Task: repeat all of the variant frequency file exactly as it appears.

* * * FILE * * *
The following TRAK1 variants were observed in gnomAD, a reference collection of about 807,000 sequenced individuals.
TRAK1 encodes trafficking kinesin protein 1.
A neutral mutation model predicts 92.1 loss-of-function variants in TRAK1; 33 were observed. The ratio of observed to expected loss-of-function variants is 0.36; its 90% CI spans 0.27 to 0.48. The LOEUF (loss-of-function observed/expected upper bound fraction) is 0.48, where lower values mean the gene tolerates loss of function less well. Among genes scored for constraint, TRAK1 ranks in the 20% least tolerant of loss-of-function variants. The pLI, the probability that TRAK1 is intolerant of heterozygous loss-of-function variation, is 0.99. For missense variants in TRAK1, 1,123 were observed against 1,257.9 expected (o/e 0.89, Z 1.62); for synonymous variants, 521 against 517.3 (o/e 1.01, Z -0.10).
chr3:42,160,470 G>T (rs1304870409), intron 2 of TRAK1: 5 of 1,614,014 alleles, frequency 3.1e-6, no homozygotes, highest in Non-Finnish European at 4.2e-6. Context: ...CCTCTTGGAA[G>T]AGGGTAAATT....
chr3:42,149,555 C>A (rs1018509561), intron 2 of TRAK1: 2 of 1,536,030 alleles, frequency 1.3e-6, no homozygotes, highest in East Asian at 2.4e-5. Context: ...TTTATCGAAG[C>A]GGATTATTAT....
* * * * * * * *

The following TRAK1 variants were observed in gnomAD, a reference collection of about 807,000 sequenced individuals.
TRAK1 encodes trafficking kinesin protein 1.
A neutral mutation model predicts 92.1 loss-of-function variants in TRAK1; 33 were observed. The ratio of observed to expected loss-of-function variants is 0.36; its 90% CI spans 0.27 to 0.48. The LOEUF (loss-of-function observed/expected upper bound fraction) is 0.48, where lower values mean the gene tolerates loss of function less well. Among genes scored for constraint, TRAK1 ranks in the 20% least tolerant of loss-of-function variants. The pLI, the probability that TRAK1 is intolerant of heterozygous loss-of-function variation, is 0.99. For missense variants in TRAK1, 1,123 were observed against 1,257.9 expected (o/e 0.89, Z 1.62); for synonymous variants, 521 against 517.3 (o/e 1.01, Z -0.10).
chr3:42,160,470 G>T (rs1304870409), intron 2 of TRAK1: 5 of 1,614,014 alleles, frequency 3.1e-6, no homozygotes, highest in Non-Finnish European at 4.2e-6. Context: ...CCTCTTGGAA[G>T]AGGGTAAATT....
chr3:42,149,555 C>A (rs1018509561), intron 2 of TRAK1: 2 of 1,536,030 alleles, frequency 1.3e-6, no homozygotes, highest in East Asian at 2.4e-5. Context: ...TTTATCGAAG[C>A]GGATTATTAT....